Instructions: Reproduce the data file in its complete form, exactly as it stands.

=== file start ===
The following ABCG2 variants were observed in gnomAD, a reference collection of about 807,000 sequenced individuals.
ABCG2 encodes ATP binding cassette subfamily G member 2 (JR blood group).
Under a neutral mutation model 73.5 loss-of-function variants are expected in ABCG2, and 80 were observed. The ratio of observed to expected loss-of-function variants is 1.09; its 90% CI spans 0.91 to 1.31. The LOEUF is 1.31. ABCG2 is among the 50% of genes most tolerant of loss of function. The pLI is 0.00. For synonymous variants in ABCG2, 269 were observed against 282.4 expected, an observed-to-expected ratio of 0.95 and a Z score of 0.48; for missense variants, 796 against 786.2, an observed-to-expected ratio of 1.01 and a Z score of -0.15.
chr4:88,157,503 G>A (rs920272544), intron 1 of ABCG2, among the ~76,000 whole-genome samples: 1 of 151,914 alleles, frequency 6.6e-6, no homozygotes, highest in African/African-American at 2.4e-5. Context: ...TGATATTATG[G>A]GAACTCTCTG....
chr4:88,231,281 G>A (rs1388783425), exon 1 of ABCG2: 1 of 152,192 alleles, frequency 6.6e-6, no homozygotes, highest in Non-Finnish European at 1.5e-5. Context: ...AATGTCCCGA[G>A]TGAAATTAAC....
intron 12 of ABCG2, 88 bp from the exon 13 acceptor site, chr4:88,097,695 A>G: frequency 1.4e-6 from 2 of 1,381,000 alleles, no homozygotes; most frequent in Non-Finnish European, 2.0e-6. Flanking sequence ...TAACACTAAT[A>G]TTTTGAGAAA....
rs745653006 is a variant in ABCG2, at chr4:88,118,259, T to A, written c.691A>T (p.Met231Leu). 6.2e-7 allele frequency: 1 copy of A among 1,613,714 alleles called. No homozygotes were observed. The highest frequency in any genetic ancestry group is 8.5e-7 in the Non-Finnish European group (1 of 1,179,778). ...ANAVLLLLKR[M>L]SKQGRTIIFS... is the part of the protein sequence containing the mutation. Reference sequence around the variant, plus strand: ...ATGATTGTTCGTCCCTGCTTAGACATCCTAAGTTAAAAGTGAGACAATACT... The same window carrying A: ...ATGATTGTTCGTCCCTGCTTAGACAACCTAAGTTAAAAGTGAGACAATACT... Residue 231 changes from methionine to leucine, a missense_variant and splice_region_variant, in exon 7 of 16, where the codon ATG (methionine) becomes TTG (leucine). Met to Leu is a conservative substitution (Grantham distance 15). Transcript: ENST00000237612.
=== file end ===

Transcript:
The following ABCG2 variants were observed in gnomAD, a reference collection of about 807,000 sequenced individuals.
ABCG2 encodes ATP binding cassette subfamily G member 2 (JR blood group).
Under a neutral mutation model 73.5 loss-of-function variants are expected in ABCG2, and 80 were observed. The ratio of observed to expected loss-of-function variants is 1.09; its 90% CI spans 0.91 to 1.31. The LOEUF is 1.31. ABCG2 is among the 50% of genes most tolerant of loss of function. The pLI is 0.00. For synonymous variants in ABCG2, 269 were observed against 282.4 expected, an observed-to-expected ratio of 0.95 and a Z score of 0.48; for missense variants, 796 against 786.2, an observed-to-expected ratio of 1.01 and a Z score of -0.15.
chr4:88,157,503 G>A (rs920272544), intron 1 of ABCG2, among the ~76,000 whole-genome samples: 1 of 151,914 alleles, frequency 6.6e-6, no homozygotes, highest in African/African-American at 2.4e-5. Context: ...TGATATTATG[G>A]GAACTCTCTG....
chr4:88,231,281 G>A (rs1388783425), exon 1 of ABCG2: 1 of 152,192 alleles, frequency 6.6e-6, no homozygotes, highest in Non-Finnish European at 1.5e-5. Context: ...AATGTCCCGA[G>A]TGAAATTAAC....
intron 12 of ABCG2, 88 bp from the exon 13 acceptor site, chr4:88,097,695 A>G: frequency 1.4e-6 from 2 of 1,381,000 alleles, no homozygotes; most frequent in Non-Finnish European, 2.0e-6. Flanking sequence ...TAACACTAAT[A>G]TTTTGAGAAA....
rs745653006 is a variant in ABCG2, at chr4:88,118,259, T to A, written c.691A>T (p.Met231Leu). 6.2e-7 allele frequency: 1 copy of A among 1,613,714 alleles called. No homozygotes were observed. The highest frequency in any genetic ancestry group is 8.5e-7 in the Non-Finnish European group (1 of 1,179,778). ...ANAVLLLLKR[M>L]SKQGRTIIFS... is the part of the protein sequence containing the mutation. Reference sequence around the variant, plus strand: ...ATGATTGTTCGTCCCTGCTTAGACATCCTAAGTTAAAAGTGAGACAATACT... The same window carrying A: ...ATGATTGTTCGTCCCTGCTTAGACAACCTAAGTTAAAAGTGAGACAATACT... Residue 231 changes from methionine to leucine, a missense_variant and splice_region_variant, in exon 7 of 16, where the codon ATG (methionine) becomes TTG (leucine). Met to Leu is a conservative substitution (Grantham distance 15). Transcript: ENST00000237612.